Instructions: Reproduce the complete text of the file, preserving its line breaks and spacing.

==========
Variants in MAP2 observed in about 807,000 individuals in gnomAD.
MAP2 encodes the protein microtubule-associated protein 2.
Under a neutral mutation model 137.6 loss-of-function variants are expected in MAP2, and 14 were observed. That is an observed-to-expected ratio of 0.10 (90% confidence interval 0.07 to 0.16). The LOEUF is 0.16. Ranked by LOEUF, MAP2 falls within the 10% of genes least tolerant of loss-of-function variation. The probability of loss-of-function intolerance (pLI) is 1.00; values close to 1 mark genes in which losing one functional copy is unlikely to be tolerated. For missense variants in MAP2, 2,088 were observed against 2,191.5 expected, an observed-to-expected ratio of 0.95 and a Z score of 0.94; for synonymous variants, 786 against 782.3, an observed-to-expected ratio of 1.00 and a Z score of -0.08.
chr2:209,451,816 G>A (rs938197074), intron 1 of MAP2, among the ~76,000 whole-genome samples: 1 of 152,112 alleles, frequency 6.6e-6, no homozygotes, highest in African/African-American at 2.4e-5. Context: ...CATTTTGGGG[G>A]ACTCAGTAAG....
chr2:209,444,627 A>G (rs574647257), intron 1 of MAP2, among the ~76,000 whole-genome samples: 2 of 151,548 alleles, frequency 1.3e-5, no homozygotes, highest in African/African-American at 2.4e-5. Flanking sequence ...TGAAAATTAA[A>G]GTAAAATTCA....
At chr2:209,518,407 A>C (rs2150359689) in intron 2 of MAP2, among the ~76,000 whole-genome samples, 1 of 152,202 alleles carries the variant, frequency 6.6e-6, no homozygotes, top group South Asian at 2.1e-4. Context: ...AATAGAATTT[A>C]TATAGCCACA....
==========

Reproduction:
Variants in MAP2 observed in about 807,000 individuals in gnomAD.
MAP2 encodes the protein microtubule-associated protein 2.
Under a neutral mutation model 137.6 loss-of-function variants are expected in MAP2, and 14 were observed. That is an observed-to-expected ratio of 0.10 (90% confidence interval 0.07 to 0.16). The LOEUF is 0.16. Ranked by LOEUF, MAP2 falls within the 10% of genes least tolerant of loss-of-function variation. The probability of loss-of-function intolerance (pLI) is 1.00; values close to 1 mark genes in which losing one functional copy is unlikely to be tolerated. For missense variants in MAP2, 2,088 were observed against 2,191.5 expected, an observed-to-expected ratio of 0.95 and a Z score of 0.94; for synonymous variants, 786 against 782.3, an observed-to-expected ratio of 1.00 and a Z score of -0.08.
chr2:209,451,816 G>A (rs938197074), intron 1 of MAP2, among the ~76,000 whole-genome samples: 1 of 152,112 alleles, frequency 6.6e-6, no homozygotes, highest in African/African-American at 2.4e-5. Context: ...CATTTTGGGG[G>A]ACTCAGTAAG....
chr2:209,444,627 A>G (rs574647257), intron 1 of MAP2, among the ~76,000 whole-genome samples: 2 of 151,548 alleles, frequency 1.3e-5, no homozygotes, highest in African/African-American at 2.4e-5. Flanking sequence ...TGAAAATTAA[A>G]GTAAAATTCA....
At chr2:209,518,407 A>C (rs2150359689) in intron 2 of MAP2, among the ~76,000 whole-genome samples, 1 of 152,202 alleles carries the variant, frequency 6.6e-6, no homozygotes, top group South Asian at 2.1e-4. Context: ...AATAGAATTT[A>C]TATAGCCACA....